The Lakers and Celtics have faded from NBA contention this year, but they remain as compelling as ever. Previewing Thursday's showdown.
The Boston Celtics and Los Angeles Lakers don't move us anymore. They are too old, too over-exposed and too broken down to matter. The Celtics are hanging on to the last playoff spot in the East. The Lakers can't even claim that much.
Despite similar circumstances, there is a marked difference in the way the teams were put together this season. Danny Ainge added role players to his existing core, while Mitch Kupchak acquired superstars. Doc Rivers is still on the sidelines, while the Lakers bounced from Mike Brown to Bernie Bickerstaff to Mike D'Antoni, changing offenses on the fly with each move. The Celtics feel dated and stale. The Lakers seem ill-conceived and slipshod.
Predictably, there is an air of uncertainty around both teams. Pau Gasol, who has been oddly treated like a spare part by D'Antoni, finally vented his frustrations to the Los Angeles Times and suggested that a fresh start was inevitable. Now he is hurt and out for 4-6 weeks. Dwight Howard, who will be a free agent after this season, is also injured and there doesn't appear to be room for both of them.
The trade vultures had been circling the Celtics even before Rajon Rondo tore his ACL and Jared Sullinger had back surgery. They are looking to pick at the remains in the hopes of adding a proven veteran for minimal return, which caused franchise icon Paul Pierce to declare his desire to retire as a Celtic and Kevin Garnett to acknowledge that it is a business.
It all came crashing down two weeks ago when the Celtics were working on a six-game losing streak and the Lakers had dropped 10 of 12. That's when we were contemplating a world without either of them in the playoffs. For many, that would be fine. Good riddance to yesterday's bullies and all that.
To which, Kobe Bryant and Kevin Garnett would collectively say, "Bullshit."
The C's have won five straight playing an unselfish brand of basketball straight out of the Red Auerbach handbook, while the Lakers have won six of seven after Bryant suggested they go back to basics. For a brief time he was featured as a playmaker, but Kobe went back to being Kobe long enough to do this against the Nets on Tuesday.
My favorite moment of that clip isn't when Kobe ended Kris Humphries, but rather when he nonchalantly took Gerald Wallace back to midcourt with the shot clock winding down. This was the defining moment of the whole sequence, a realization that the basic rules of offensive strategy have never really applied much to Kobe and there wasn't a damn thing Crash or anyone else could do about it. Kobe didn't reverse time, he simply slowed it down long enough to seek and destroy.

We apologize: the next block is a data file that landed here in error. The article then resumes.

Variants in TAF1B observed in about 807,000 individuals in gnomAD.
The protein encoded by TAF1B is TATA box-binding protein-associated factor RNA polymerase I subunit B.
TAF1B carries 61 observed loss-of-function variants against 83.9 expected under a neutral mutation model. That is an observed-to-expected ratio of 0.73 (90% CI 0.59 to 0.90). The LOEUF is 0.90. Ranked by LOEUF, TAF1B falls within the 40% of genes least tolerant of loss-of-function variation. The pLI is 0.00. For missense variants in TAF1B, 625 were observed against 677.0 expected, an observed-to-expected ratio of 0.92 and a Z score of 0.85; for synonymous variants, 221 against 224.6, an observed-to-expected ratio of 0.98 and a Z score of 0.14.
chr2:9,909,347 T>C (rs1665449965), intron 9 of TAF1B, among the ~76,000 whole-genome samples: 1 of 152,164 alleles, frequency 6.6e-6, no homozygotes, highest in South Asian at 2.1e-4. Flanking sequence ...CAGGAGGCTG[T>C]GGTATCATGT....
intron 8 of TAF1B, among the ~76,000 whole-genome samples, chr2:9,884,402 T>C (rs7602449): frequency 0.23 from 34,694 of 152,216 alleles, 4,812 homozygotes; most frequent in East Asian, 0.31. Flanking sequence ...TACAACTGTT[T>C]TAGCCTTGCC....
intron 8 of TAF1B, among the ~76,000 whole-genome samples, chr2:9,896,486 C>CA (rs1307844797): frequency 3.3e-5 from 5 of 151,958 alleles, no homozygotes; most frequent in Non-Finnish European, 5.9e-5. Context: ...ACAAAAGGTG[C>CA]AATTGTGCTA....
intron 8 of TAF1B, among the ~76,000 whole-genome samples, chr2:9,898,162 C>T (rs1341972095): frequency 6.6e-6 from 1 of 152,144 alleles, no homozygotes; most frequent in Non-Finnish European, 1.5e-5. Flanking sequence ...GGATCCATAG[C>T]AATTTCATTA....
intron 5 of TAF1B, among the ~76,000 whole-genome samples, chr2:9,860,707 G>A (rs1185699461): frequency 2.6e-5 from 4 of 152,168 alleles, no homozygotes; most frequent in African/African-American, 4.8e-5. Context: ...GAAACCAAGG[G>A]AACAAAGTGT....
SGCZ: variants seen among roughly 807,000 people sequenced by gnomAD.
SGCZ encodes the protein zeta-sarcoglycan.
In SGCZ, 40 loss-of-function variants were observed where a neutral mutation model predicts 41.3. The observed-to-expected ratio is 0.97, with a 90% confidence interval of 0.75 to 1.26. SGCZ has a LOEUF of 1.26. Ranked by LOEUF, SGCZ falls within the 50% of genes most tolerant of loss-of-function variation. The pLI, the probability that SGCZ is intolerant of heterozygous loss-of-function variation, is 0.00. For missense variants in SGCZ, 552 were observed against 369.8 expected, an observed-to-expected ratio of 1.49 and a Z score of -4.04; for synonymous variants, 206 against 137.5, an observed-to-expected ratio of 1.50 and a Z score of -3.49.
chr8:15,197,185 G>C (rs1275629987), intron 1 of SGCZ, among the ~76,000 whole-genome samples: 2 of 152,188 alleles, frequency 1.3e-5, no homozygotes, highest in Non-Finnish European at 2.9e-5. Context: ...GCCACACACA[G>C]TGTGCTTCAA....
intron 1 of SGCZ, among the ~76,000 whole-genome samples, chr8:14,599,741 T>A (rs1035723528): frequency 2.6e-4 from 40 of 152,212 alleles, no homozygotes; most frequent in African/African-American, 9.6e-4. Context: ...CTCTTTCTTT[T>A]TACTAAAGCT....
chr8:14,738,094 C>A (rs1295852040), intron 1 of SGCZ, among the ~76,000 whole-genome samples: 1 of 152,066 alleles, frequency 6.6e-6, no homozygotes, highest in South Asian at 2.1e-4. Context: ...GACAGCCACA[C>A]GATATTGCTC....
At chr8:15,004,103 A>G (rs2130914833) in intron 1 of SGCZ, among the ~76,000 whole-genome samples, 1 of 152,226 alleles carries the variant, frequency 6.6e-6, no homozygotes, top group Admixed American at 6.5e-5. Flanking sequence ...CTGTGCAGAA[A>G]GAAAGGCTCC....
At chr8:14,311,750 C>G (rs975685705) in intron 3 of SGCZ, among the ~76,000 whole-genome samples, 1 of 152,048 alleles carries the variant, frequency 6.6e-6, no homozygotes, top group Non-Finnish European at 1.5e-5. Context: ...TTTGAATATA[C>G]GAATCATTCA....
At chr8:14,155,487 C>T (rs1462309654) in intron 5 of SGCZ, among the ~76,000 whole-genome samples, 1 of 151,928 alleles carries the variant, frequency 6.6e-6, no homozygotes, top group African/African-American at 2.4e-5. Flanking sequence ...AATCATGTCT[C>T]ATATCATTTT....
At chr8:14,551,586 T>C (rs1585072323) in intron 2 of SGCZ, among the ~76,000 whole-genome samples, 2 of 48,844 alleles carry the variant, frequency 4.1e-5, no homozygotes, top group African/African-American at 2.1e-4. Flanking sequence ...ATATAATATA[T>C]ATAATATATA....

Somewhere in his secluded cave, I bet KG smiled. Or cursed violently, or whatever it is he does when he's out of the public eye, which is most of the time. Garnett could relate to Kobe's triumph, just as the Celtics' latest revival mirrored their eternal rivals.
"We have a lot of fight in us," Garnett said last week. "I know Doc made his bullshit comments about us being soft. We're a team that will fight and we are a team that is very competitive and is very prideful."
In the end, that's what Kobe and KG have left. You can't find more different players on the court than Bryant and Garnett, yet they are linked by a stubborn refusal to acquiesce to anyone else's notion of what they should be. It goes without saying that both of them long ago stopped caring about what anyone else thinks of them.
Garnett's manic approach to defense marks him as unique in a league that rewards points and numbers. His offense is still there, a gorgeous 20-foot jump shot mixed in with the occasional Hakeem-like moves in the post and a keen passing eye, yet he refuses to let it define him, sometimes to a fault.
Even with the brilliant Steve Nash at his side, the Laker offense still belongs to Kobe. Unstoppable in his best moments and still feared by his peers, he is having a historic season even by his exacting standards. It is complicated, however, by his casual indifference to the other end of the court.
We see athletes hang on too long all the time and there's always a tinge of sadness that goes along with a faded hero grasping too tightly to past glories. The enlightened among us realize that athletes exist to serve themselves and their legacies belong to them and to them alone.
That's what makes Kobe and KG so compelling, even now. Especially now. Neither will compromise. Neither will even acknowledge the possibility that their time is up against all irrefutable evidence to the contrary. Say what you will, but there's nobility in their defiance.
GAME TIME: 8 p.m. EST.
SPREAD: Celtics by 5.